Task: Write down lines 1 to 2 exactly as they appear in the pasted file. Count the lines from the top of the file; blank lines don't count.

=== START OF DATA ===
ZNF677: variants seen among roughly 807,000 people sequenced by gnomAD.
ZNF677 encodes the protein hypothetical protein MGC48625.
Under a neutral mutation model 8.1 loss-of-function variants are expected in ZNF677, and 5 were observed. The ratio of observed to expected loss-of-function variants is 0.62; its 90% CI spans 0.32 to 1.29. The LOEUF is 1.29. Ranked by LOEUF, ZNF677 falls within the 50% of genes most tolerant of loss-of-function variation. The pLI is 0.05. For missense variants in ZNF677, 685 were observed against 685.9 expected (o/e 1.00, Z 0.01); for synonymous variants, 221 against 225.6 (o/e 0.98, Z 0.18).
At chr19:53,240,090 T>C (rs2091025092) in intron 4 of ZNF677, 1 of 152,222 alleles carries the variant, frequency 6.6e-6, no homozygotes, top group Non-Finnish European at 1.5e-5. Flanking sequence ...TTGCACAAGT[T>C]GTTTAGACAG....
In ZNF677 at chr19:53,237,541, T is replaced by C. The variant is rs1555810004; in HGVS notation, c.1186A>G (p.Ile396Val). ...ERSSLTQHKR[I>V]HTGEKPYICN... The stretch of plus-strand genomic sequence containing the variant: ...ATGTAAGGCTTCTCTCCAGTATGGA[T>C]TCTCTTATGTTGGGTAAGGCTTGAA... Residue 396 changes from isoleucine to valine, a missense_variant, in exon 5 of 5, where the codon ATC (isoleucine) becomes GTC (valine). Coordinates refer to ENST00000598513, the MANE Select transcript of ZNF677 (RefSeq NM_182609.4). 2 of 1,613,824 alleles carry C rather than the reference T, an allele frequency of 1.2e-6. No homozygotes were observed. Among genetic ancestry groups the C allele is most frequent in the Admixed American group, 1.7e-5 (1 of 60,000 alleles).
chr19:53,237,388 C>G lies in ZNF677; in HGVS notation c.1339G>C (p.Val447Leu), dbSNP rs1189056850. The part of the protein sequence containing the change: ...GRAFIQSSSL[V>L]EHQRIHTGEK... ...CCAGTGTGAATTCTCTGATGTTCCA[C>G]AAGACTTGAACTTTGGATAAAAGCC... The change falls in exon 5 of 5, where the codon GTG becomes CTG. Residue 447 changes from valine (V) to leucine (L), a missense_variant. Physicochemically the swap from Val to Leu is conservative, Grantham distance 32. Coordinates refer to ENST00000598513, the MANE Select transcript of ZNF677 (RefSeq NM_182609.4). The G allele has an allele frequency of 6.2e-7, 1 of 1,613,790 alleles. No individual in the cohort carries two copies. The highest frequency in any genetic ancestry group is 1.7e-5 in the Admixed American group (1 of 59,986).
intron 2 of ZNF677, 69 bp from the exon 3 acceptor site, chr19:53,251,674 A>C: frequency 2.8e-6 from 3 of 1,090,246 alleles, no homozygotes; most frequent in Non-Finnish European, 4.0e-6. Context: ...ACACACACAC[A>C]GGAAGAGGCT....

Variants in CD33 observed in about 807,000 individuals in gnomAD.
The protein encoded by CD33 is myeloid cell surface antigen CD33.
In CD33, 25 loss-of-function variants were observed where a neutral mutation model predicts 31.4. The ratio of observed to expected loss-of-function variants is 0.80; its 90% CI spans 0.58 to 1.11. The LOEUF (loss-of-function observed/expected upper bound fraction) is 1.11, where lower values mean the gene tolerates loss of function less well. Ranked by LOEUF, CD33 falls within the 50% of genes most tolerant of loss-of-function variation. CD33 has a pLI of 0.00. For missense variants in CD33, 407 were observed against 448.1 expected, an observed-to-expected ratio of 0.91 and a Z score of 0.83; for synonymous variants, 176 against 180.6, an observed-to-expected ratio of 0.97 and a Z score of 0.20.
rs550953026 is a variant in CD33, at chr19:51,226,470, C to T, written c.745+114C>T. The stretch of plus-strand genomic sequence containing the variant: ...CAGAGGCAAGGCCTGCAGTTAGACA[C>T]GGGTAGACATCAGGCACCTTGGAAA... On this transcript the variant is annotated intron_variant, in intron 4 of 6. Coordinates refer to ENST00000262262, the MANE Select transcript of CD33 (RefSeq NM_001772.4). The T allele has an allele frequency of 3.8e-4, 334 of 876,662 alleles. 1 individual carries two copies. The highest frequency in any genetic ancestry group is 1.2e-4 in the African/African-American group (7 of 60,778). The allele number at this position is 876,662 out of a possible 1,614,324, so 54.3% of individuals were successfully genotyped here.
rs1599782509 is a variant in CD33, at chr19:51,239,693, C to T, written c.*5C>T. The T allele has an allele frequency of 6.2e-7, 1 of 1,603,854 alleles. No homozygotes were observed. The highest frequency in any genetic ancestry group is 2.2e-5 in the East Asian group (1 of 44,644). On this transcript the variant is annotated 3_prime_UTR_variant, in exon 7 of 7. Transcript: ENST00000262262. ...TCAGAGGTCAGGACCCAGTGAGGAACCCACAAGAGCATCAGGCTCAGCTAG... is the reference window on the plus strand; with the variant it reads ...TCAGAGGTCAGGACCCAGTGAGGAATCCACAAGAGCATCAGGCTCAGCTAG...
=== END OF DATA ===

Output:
ZNF677: variants seen among roughly 807,000 people sequenced by gnomAD.
ZNF677 encodes the protein hypothetical protein MGC48625.